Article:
Despite perceptions, Australia isn’t a high-tax country. Our tax-to-GDP ratio is on par with the US and lower than that of the UK, Canada, and New Zealand – all countries with higher giving rates. 

Graph showing total tax revenue as a percentage of GDP

Australia’s tax incentives for philanthropy are strong. Donations to deductible gift-recipient charities are tax deductible – and structures like a private ancillary fund (PAF) or public ancillary fund (PuAF) offer tax-effective options for the wealthy to contribute significant amounts to charity. However, a notable absence in Australia’s tax system is an inheritance tax. 

Australia is one of just eight developed countries that do not tax inherited wealth, after Prime Minister Malcolm Fraser abolished federal death duties in 1979. This is a contributing factor to why the wealthy do not give as much as in countries with inheritance taxes. In the US, leaving charitable bequests can substantially reduce estate tax burdens, a factor that has been shown to significantly influence giving behaviours. Researchers from theUrban-Brookings Tax Policy Center found that if the US abolished death duties, levels of bequests would fall by about a third (between 22% and 37%) and lifetime giving would be reduced by a similar amount.  

Australia is at a crossroads, with the Productivity Commission Philanthropy Inquiry putting forwards a series of reforms to increase giving, including superannuation bequests, and even a proposed increase to minimum distribution rates for PAFs. However, the reintroduction of an inheritance tax –with an estimated $224 billion a year expected to be given in inheritances by 2050 – could be a game-changer for the Australian community. Unfortunately, it seems unlikely to ever get up given how challenging it would be for any governing party to sell it to the electorate. 

The art of the ask: fundraisers and advisers could be better and bolder  

In the US, the art of ‘making the ask’ is well-established. There’s a long-standing and proactive culture of fundraising. Non-profits often employ many staff dedicated to fundraising activities and donor relations – and there’s a clear expectation that board members not only govern but also contribute to fundraising efforts.  

Australians, in contrast, have traditionally been more reserved in their approach to fundraising. While this is changing, with more charities recognising the need to invest in professionals who can navigate the complexities of donor engagement and gift solicitation, there is still a tendency to be less direct or aggressive in soliciting major gifts.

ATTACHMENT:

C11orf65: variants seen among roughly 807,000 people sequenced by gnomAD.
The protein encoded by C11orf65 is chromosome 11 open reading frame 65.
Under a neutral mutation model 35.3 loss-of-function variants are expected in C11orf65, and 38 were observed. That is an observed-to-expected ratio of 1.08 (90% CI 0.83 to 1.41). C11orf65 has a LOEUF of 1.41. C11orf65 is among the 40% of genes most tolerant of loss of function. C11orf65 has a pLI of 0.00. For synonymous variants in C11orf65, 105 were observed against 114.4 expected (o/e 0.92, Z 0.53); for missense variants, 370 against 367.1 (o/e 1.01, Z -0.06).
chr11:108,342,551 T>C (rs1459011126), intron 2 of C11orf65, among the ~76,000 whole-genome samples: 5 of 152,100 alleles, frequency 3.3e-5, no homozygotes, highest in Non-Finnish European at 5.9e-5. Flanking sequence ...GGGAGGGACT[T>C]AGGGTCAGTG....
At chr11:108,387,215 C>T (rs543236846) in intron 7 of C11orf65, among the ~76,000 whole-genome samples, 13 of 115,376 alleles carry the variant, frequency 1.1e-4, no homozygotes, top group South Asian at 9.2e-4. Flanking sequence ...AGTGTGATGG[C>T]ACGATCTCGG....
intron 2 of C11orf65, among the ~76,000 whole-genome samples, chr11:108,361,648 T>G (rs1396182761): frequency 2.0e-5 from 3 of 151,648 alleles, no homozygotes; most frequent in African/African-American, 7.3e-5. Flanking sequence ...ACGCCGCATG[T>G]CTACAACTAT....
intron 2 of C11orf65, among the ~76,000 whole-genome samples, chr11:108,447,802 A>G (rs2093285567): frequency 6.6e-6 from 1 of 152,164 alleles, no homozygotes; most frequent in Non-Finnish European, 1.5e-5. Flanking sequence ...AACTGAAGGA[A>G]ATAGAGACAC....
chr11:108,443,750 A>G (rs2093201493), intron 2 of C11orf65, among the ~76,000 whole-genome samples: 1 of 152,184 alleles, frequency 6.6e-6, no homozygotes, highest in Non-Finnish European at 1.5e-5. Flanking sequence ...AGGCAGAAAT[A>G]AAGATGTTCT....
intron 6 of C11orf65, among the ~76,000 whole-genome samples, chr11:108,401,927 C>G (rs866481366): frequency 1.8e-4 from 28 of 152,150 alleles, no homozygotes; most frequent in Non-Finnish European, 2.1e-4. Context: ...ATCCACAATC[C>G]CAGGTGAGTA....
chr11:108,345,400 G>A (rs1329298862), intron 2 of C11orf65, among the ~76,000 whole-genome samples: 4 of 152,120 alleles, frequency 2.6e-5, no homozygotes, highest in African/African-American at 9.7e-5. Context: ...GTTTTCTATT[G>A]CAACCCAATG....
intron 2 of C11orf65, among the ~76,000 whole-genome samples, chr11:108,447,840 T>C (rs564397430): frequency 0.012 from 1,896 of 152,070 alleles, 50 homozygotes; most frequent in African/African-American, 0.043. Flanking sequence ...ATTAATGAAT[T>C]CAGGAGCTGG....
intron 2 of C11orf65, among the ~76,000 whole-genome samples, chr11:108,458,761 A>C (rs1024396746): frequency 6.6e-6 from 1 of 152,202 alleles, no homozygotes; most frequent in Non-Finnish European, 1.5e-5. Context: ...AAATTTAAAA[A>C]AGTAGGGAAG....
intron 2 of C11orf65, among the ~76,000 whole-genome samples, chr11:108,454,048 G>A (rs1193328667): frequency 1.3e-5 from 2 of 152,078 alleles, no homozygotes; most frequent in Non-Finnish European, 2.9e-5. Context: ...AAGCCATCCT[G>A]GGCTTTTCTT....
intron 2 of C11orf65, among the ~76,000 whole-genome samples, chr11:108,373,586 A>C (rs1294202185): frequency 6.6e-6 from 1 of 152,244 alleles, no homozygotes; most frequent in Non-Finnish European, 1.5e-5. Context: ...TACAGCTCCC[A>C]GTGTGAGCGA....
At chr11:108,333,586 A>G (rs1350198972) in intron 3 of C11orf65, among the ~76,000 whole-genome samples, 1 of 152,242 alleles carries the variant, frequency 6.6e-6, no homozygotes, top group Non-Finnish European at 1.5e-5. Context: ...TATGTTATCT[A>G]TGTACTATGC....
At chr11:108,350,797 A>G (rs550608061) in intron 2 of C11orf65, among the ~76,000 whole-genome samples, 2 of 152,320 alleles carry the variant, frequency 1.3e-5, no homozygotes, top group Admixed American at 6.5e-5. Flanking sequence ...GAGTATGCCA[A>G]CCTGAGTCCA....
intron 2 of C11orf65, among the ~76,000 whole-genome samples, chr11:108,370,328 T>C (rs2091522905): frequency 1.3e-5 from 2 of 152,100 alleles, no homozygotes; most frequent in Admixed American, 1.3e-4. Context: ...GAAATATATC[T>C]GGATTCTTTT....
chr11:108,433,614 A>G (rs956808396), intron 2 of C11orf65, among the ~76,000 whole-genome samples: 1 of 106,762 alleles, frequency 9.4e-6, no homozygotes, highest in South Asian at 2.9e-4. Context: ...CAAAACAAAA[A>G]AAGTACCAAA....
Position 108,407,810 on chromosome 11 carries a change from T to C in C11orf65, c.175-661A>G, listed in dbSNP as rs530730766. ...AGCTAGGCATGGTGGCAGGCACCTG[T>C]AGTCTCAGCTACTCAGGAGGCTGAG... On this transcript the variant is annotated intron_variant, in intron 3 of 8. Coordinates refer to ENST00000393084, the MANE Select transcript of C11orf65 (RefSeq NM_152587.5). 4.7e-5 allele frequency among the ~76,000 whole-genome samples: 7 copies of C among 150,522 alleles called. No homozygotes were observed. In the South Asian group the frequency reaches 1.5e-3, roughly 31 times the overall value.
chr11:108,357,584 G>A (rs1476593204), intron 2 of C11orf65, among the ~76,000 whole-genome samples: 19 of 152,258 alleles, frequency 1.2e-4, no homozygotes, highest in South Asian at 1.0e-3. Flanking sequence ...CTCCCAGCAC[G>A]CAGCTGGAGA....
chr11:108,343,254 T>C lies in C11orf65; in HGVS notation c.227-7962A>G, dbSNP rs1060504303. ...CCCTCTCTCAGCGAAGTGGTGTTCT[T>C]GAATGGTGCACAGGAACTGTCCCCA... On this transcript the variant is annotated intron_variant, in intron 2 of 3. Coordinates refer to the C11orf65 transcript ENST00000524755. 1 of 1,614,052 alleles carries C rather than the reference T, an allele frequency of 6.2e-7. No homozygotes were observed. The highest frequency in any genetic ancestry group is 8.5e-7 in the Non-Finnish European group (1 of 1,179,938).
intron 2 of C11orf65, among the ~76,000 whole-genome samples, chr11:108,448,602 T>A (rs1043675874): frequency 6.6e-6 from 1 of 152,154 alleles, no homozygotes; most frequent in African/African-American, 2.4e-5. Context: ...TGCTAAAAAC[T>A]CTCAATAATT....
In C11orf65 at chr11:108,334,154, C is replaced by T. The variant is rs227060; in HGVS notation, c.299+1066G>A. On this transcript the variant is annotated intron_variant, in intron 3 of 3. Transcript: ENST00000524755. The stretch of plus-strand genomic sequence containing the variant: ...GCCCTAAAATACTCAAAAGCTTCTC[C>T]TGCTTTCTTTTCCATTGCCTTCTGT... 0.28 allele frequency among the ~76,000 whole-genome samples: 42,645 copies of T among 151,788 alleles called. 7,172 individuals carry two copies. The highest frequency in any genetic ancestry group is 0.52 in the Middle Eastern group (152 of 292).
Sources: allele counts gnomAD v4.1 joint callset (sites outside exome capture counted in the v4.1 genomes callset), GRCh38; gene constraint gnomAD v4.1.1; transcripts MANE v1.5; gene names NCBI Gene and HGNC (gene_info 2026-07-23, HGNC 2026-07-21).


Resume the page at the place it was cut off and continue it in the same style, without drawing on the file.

Additionally, in the US, it is common practice for financial professionals to discuss charitable giving as a core component of wealth management, tax planning, and estate planning strategies. This ensures that philanthropy is not just an afterthought but a core element of financial planning for many Americans. 

In Australia, while there is a growing awareness of philanthropy in financial planning, the practice is not as widespread. Australian financial advisers are beginning to recognise the importance of including philanthropic conversations in their client interactions, but it’s an area ripe for development.  

It isn’t all rosy – we can learn from critiques of US philanthropy 

While Australia can draw valuable lessons from the American philanthropy, it isn’t all perfect.  

Publications like Anand Giridharadanas’s Winners Take All warn that the super-rich elite, in trying to fix the world’s problems, risk keeping things the same, rather than driving long-term systemic change. Caution is required when too much power sits in the hands of a few. A movement of trust-based philanthropy, where donors collaborate closely with communities to identify needs and solutions, rather than imposing their own agendas, is growing in part to counter this criticism.  

In Australia, we have an opportunity to learn from these critiques as our giving culture evolves. 

There’s opportunity ahead and hope for the future  

A new generation of Australian entrepreneurs, particularly in the tech sector, is showing a growing interest in philanthropy. Their approach is slightly different.  As innovators, they are keen to know how and where their giving can be most effective. In his letter, Gates Foundation CEO Mark Suzman asks for “more urgency, more resources, and more bold, new ideas from around the world.” I am optimistic that Australia’s emerging philanthropists are ready to step up to meet this challenge – that progress is happening and giving when you’re successful will increasingly be the expected norm.  

“Philanthropists all over the world are finding new ways to give to reduce inequities. 

 I hope they’ll do more, and that more people step up to join them.”  

Mark Suzman, CEO, Gates Foundation